Today, the U.S. Department of Energy (DOE) announced $54 million in seed funding for U.S. small businesses to research, develop, and create commercialization plans for new technologies that equitably accelerate the national transition to a clean energy economy. Applicants may receive up to $250,000 through DOE’s Small Business Innovation Research (SBIR) and Small Business Technology Transfer (STTR) programs and become eligible for up to $1.6 million in follow-on funding.

“The SBIR program plays an important role in fueling U.S. innovation to answer the pressing challenges we face as a society,” said Under Secretary for Science and Energy Geraldine Richmond. “Small businesses are critical players in our innovation ecosystem, and we must enable their contributions toward tackling the climate crisis, deploying next-generation clean energy technologies, and leading the research breakthroughs at the core of America’s scientific leadership.”

For the first time, the SBIR/STTR funding opportunity will support small businesses that integrate practices to advance equity. Specifically, DOE’s Office of Energy Efficiency and Renewable Energy (EERE) seeks solutions where small-business technology developers partner with community organizations that have often been left out of clean energy planning and development.

“Small businesses are the fabric of the U.S. economy and can contribute to help fight climate change while reversing energy injustices among underserved communities throughout the country,” said Principal Deputy Assistant Secretary for EERE Kelly Speakes-Backman. “This funding will support them as they work directly with people from those communities to advance their decarbonized energy innovations.”

This funding opportunity aligns with EERE’s goal to achieve net-zero greenhouse gas emissions by 2050. EERE will award funding to projects that can help achieve the following:

  • Diversify sustainable sources of minerals and materials needed to manufacture clean energy technologies
  • Enhance thermal energy storage technologies for buildings
  • Improve recyclability and reuse of retired solar panels and components
  • Increase hydropower and marine energy generation
  • Convert biomass and other waste into cost-effective, carbon-free fuels
  • Develop technologies for affordable, efficient hydrogen production, delivery, and storage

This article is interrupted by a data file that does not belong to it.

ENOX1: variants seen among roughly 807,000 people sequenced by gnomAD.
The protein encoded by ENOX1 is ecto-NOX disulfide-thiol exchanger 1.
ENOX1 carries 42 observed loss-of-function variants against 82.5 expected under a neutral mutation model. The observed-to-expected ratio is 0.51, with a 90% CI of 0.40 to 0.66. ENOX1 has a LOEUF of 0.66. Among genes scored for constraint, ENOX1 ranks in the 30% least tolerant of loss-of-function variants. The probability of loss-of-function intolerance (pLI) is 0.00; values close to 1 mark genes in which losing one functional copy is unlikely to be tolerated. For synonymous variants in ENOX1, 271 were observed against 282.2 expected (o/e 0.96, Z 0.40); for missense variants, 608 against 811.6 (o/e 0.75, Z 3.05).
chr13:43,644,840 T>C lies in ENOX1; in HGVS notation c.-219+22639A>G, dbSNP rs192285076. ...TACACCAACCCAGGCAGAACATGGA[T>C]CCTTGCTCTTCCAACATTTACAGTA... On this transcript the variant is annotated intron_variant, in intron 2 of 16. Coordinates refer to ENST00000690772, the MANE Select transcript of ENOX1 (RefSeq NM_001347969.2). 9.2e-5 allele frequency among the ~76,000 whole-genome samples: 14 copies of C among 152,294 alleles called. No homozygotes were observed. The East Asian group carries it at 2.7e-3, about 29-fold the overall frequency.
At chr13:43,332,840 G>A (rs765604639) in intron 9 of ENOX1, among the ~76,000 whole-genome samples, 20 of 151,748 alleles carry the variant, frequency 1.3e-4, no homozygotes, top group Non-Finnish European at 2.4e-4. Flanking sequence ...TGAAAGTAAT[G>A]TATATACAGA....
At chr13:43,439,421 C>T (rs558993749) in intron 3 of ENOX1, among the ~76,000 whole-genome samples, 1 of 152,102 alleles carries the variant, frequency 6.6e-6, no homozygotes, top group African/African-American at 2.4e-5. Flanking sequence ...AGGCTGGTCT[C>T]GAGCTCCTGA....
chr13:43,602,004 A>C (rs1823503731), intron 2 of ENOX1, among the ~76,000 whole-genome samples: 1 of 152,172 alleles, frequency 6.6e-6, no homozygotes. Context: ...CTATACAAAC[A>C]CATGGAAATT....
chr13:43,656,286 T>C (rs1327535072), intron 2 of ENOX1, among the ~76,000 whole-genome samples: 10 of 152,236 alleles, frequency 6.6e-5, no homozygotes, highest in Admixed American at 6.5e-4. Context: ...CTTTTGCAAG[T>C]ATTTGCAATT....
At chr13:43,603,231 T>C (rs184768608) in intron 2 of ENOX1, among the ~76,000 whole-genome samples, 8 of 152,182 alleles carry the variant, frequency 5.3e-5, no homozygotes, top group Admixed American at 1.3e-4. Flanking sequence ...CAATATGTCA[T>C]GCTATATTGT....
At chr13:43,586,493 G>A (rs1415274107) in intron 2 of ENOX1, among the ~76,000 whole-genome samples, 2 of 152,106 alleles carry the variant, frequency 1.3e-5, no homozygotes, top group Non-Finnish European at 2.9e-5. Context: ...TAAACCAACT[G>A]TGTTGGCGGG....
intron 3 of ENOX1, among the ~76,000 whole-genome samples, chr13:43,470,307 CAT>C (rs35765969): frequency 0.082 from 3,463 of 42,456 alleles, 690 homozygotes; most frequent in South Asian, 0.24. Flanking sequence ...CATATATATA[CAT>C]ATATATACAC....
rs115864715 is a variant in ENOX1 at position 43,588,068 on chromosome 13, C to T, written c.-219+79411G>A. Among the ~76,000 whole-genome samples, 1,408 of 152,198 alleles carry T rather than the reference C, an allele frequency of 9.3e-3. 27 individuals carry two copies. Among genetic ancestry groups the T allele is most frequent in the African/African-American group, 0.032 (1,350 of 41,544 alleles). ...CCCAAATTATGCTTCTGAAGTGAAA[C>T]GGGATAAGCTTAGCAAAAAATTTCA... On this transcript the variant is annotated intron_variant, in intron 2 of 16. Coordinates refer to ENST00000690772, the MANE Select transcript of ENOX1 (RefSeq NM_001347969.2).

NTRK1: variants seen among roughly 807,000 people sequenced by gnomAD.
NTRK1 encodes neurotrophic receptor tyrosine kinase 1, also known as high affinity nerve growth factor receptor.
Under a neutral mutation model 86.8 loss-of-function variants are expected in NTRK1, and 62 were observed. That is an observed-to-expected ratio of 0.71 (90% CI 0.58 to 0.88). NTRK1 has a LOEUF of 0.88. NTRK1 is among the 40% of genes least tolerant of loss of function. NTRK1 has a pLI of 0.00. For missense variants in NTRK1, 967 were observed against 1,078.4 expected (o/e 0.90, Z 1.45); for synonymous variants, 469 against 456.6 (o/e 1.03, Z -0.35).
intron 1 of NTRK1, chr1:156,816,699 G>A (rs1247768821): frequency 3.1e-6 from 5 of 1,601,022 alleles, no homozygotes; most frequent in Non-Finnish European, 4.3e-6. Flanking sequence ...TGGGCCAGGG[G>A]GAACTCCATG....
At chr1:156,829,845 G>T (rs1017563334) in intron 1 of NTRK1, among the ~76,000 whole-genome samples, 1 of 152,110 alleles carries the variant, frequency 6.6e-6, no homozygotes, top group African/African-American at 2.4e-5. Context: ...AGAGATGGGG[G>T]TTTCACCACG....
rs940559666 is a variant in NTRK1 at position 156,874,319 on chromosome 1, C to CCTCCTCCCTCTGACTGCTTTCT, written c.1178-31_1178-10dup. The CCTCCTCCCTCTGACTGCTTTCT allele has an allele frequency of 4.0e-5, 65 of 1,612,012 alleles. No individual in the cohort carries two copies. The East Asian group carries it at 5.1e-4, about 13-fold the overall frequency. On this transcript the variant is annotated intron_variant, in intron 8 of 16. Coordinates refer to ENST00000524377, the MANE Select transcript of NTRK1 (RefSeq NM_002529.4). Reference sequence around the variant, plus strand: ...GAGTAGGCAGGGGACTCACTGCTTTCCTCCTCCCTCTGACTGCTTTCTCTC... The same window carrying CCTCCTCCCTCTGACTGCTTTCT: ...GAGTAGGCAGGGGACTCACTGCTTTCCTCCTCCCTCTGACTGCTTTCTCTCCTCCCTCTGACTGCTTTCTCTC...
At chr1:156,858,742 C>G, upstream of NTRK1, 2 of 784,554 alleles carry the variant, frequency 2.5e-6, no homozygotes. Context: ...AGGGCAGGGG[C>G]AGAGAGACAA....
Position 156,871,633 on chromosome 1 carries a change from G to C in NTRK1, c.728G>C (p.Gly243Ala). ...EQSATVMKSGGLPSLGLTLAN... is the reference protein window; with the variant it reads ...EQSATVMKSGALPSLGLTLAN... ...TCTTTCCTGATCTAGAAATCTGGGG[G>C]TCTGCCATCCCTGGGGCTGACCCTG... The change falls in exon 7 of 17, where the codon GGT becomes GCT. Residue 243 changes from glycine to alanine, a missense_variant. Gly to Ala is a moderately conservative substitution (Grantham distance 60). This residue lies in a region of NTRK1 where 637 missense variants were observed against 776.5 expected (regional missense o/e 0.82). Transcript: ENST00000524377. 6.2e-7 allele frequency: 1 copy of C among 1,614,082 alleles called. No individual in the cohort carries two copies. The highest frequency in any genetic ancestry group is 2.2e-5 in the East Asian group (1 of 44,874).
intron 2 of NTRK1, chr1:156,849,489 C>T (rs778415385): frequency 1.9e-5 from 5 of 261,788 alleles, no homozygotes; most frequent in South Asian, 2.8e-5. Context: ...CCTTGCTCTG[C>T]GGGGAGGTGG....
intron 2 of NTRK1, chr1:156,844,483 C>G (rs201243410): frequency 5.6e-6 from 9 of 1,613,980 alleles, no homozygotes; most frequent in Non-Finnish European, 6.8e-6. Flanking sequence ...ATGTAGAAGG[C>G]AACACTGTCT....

EERE will also award funding to proposals to license technologies developed by a DOE national lab. These technology-transfer opportunities include:

  • A hydrogen-contaminant detector for hydrogen refueling stations
  • A product that optimizes real-time dispatch of distributed energy resources, like solar
  • A technology to track solar collector error direction on a commercial-scale heliostat field

U.S. small businesses interested in applying for an SBIR/STTR award must submit a letter of intent by 5 p.m. ET on Jan. 3, 2022, and full applications are due Feb. 22, 2022.

View the full list of topics, and apply for funding: SBIR Funding Opportunity Announc... | U.S. DOE Office of Science (SC) ( Applicants are highly encouraged to use the public Teaming Partners List to include individuals from historically underrepresented groups on their project teams. The teams will study their innovation’s feasibility and develop a proof of concept for 6-12 months.

SBIR/STTR awardees can receive additional funding to support commercialization activities through the Technical and Business Assistance (TABA) program. Activities may include product sales, intellectual property protections, market research, market validation, and more. Awardees can find TABA partners through the American-Made Network, a diverse group of companies and industry leaders that offers mentorship and helps small businesses forge connections and advance their innovations.

The SBIR/STTR programs have helped thousands of American small businesses develop and test prototypes that have led to disruptive innovations in energy efficiency, sustainable transportation, and renewable power. For more information, visit the SBIR/STTR Programs Office webpage.